Let's Get Ready to Rumble.
Football season came just in time. The economy, health-care, and wars were starting to harsh my mellow.
Watching football is like a national meditation technique; it helps
quiet the noise and is a great distraction from the daily grind.
The Markets seem to be doing a good job of avoiding what's going on around them. Price going up despite seemingly bad news is bullish. Sometimes it seems hard to remember that.
Where Do We Stand on a Longer-Term Chart of the Markets?
This chart of the S&P 500 Index goes
back to 2002. The thick horizontal red line marks the naturally occurring support and resistance line
going back to 2003 and 2004. Just above
that is the 50% retracement level of the recent decline. So, while price has rallied nicely for more than five months off the recent lows, overhead resistance may soon come into play. Click the chart to see a bigger version.
The chart above also shows that Volume has
been a little light; but some of that is seasonal. I expect volume to
pick-up soon. The question, of course, is whether prices will trade
higher or lower when that happens.
Average Daily Change Plummets.
Bespoke reminds that one of the most remarkable characteristics of last year's market crash was its daily volatility. At its peak, the 50-Day Average Absolute Daily Change of the S&P 500 surpassed 4%. That means that the Market gained or lost 4% to 5% of its total value on a daily basis for two months.
In contrast, the 50-Day Average Absolute Daily Change of the S&P 500 is now under 1%. This is the lowest level since July of last year. Markets fall much faster than they rise, so it's no surprise that this number has gone down significantly as the S&P rallied off of its lows.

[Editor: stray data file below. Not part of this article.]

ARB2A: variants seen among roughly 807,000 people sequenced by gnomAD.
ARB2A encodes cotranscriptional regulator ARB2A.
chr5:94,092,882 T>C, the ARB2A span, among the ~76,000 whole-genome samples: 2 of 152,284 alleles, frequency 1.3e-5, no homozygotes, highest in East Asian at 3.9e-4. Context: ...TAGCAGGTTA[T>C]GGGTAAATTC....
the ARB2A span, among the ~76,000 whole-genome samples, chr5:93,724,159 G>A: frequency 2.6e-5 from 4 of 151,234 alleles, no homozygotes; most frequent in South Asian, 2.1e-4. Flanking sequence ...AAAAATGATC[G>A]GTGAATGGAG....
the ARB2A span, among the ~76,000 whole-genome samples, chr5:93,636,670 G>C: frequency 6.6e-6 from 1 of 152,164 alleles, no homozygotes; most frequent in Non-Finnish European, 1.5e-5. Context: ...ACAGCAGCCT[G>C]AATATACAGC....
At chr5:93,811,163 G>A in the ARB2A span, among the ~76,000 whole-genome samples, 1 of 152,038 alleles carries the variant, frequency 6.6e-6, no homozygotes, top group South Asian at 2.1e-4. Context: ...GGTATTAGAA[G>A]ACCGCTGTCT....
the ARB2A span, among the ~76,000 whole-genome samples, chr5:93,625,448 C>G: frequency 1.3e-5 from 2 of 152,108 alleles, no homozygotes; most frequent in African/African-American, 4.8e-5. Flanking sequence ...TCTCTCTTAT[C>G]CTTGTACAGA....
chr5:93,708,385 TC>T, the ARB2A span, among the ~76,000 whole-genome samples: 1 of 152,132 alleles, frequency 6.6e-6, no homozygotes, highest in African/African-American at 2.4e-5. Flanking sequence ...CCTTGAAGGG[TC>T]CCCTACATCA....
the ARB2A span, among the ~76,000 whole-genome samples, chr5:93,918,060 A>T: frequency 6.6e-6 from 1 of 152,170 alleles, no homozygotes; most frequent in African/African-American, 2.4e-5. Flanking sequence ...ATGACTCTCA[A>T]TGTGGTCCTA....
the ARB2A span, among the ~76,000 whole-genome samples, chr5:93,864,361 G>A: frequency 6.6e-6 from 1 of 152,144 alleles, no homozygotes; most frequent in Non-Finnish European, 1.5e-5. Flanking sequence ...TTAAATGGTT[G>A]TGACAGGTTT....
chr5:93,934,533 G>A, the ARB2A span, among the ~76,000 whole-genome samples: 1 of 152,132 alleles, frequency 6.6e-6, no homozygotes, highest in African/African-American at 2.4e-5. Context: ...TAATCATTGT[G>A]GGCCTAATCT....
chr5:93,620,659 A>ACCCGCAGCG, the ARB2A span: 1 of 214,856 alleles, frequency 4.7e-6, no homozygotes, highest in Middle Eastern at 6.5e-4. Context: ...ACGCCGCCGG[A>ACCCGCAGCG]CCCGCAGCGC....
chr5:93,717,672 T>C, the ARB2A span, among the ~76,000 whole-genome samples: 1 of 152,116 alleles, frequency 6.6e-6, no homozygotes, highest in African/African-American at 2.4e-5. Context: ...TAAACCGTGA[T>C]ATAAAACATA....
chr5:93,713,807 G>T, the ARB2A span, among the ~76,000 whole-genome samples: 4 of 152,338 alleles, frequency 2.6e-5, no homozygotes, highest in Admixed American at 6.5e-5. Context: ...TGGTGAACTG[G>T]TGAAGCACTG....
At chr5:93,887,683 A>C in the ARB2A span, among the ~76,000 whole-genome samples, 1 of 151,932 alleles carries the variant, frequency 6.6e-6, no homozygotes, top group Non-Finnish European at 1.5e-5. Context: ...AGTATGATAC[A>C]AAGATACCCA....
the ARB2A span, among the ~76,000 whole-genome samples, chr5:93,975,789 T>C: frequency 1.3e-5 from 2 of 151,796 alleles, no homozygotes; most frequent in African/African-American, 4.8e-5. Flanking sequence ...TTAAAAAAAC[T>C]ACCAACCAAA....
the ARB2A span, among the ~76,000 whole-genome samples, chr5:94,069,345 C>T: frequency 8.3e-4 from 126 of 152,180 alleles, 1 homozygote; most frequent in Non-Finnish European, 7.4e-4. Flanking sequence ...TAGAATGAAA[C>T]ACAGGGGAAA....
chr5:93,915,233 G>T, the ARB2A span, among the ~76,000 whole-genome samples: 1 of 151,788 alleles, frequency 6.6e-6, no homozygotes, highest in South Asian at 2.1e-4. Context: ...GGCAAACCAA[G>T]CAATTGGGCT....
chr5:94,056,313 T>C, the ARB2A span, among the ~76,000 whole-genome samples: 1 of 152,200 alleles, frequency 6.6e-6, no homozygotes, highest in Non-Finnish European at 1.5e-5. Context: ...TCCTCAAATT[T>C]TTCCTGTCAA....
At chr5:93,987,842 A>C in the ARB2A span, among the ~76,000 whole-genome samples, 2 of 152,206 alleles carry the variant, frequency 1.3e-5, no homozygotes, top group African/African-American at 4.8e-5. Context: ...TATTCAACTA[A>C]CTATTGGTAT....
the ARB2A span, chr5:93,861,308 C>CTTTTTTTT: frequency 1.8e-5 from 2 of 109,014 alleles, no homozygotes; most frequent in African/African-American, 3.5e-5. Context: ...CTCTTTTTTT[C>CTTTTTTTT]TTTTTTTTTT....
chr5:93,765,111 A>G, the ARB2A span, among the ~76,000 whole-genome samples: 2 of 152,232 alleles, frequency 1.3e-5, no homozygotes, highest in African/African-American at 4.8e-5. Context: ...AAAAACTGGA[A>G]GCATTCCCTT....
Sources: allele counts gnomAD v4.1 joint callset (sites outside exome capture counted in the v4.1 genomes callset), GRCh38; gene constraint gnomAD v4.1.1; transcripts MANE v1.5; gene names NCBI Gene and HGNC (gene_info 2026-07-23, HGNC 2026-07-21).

Shorter-Term, The Market Looks Strong.
The next chart overlays the NASDAQ's Net New Highs on top of the index
itself. This measure counts the number of NASDAQ Components making new
52-week highs, and subtracts the number of NASDAQ components
making new 52-week lows . So, we get more Net New Highs when the markets
are doing better. As it stands, A lot of NASDAQ Components are making highs for the year.
Yet, there are slightly less Net New Highs than we saw in mid-July. So,
while this is a little picky, it does constitute a negative
divergence. Consequently, I'm watching for a drop-off in this measure
as a potential early warning indicator of impending market weakness.
It's been easier to make money on the long side for a long time. I sense a lot of the smart money is daytrading long exposure. In other words, they're happy to trade long, but they're not as happy to take that risk home overnight.
Business Posts Moving the Markets that I Found Interesting This Week:
- Is Commercial Real Estate Lurking as Next Potential Mortgage Crisis? (WSJ)
- The Failure Caucus: These Guys are Rooting for the Economy to Fail. (Slate)
- Evolving a Business Strategy: New Book on Revising Business Plans. (Forbes)
- Inquiry Stokes Unease on High-Speed Trading. (DealBook)
- Is the World Losing Faith in the U.S. Dollar? (Wharton)
- Budget Crisis Causing States to Close Offices a-Day-at-a-Time. (TDB)
- Doug Kass: The Next Move Down? It's Different This Time. (TheStreet)
- More Posts Moving the Markets.
Lighter Ideas and Fun Links that I Found Interesting This Week
- Are Video games the Future of Education? (Economist)
- New Form of Rehab: Center Treats Web Addicts. (NYTimes)
- How Teams of Geeks Crack Spy Trade. (WSJ)
- VMware May Be Microsoft’s Top Rival After Google. (NYTimes)
- YouTube Said to Be in Talks To Offer Full-Length Pay Movies. (NYTimes)
- Apple's Next Big Thing: Still the iPhone; But the Carrier is New. (TheStreet)
- iPhones Overload AT&T's Network, Angering Customers. (NYTimes)
- More Posts with Lighter Ideas and Fun Links.